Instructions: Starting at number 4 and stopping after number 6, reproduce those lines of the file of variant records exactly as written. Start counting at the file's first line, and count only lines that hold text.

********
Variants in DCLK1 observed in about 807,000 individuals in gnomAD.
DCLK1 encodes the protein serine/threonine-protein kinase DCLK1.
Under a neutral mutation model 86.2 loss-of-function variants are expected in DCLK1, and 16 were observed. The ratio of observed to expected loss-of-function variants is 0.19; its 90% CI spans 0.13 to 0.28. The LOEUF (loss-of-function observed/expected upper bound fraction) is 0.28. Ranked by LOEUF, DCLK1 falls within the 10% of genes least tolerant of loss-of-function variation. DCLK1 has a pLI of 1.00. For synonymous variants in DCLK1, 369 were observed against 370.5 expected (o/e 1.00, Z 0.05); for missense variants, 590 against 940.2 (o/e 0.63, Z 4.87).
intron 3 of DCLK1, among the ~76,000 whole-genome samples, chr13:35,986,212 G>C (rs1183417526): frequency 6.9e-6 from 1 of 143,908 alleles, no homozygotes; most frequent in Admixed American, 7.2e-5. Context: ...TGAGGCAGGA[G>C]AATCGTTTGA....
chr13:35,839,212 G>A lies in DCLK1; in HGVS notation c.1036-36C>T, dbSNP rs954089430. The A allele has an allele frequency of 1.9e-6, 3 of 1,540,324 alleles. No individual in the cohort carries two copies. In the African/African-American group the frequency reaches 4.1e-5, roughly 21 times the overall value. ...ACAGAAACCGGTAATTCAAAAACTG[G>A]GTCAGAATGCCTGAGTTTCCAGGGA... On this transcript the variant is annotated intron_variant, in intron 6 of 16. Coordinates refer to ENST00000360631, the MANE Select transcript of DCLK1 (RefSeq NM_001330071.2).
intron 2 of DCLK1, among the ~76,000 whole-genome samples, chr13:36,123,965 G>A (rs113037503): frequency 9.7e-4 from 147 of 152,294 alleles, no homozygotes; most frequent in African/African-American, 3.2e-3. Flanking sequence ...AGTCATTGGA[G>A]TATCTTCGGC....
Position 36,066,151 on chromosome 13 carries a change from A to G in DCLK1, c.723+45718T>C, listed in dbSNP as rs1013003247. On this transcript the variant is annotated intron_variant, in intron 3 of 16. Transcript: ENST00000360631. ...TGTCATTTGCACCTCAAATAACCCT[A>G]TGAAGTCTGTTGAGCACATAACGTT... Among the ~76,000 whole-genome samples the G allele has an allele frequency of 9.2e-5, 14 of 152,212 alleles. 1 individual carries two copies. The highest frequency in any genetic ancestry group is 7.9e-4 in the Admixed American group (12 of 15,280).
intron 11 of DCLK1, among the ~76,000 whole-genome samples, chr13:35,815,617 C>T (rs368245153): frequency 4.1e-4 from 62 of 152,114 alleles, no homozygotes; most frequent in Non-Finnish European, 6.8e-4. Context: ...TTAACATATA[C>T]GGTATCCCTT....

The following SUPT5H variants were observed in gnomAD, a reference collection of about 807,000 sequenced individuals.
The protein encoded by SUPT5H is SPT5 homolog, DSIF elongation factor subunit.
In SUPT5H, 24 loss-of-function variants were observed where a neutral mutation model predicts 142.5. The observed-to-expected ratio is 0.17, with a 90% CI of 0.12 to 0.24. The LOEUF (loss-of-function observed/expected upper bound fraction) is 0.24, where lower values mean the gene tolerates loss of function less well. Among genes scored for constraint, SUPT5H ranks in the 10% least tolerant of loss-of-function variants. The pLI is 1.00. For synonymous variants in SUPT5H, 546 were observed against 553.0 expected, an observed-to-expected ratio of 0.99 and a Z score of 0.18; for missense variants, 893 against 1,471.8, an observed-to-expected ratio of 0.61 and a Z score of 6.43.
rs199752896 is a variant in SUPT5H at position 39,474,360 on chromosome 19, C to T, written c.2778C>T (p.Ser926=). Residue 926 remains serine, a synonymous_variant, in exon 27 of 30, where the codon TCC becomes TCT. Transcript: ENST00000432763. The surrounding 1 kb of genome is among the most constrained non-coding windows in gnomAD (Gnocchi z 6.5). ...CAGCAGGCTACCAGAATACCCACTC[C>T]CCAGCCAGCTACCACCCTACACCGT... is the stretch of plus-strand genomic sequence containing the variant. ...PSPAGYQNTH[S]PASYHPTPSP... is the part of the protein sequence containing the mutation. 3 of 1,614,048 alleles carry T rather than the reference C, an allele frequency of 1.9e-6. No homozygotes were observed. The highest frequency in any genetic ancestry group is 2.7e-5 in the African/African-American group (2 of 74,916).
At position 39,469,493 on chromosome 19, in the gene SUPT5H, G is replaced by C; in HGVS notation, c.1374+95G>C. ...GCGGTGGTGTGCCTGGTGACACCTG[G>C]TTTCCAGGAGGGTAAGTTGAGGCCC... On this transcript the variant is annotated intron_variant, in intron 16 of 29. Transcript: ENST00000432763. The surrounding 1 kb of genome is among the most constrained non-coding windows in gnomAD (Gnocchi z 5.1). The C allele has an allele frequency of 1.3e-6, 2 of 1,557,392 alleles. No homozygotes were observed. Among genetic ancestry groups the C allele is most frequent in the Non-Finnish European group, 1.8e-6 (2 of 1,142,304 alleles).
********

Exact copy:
intron 3 of DCLK1, among the ~76,000 whole-genome samples, chr13:35,986,212 G>C (rs1183417526): frequency 6.9e-6 from 1 of 143,908 alleles, no homozygotes; most frequent in Admixed American, 7.2e-5. Context: ...TGAGGCAGGA[G>C]AATCGTTTGA....
chr13:35,839,212 G>A lies in DCLK1; in HGVS notation c.1036-36C>T, dbSNP rs954089430. The A allele has an allele frequency of 1.9e-6, 3 of 1,540,324 alleles. No individual in the cohort carries two copies. In the African/African-American group the frequency reaches 4.1e-5, roughly 21 times the overall value. ...ACAGAAACCGGTAATTCAAAAACTG[G>A]GTCAGAATGCCTGAGTTTCCAGGGA... On this transcript the variant is annotated intron_variant, in intron 6 of 16. Coordinates refer to ENST00000360631, the MANE Select transcript of DCLK1 (RefSeq NM_001330071.2).
intron 2 of DCLK1, among the ~76,000 whole-genome samples, chr13:36,123,965 G>A (rs113037503): frequency 9.7e-4 from 147 of 152,294 alleles, no homozygotes; most frequent in African/African-American, 3.2e-3. Flanking sequence ...AGTCATTGGA[G>A]TATCTTCGGC....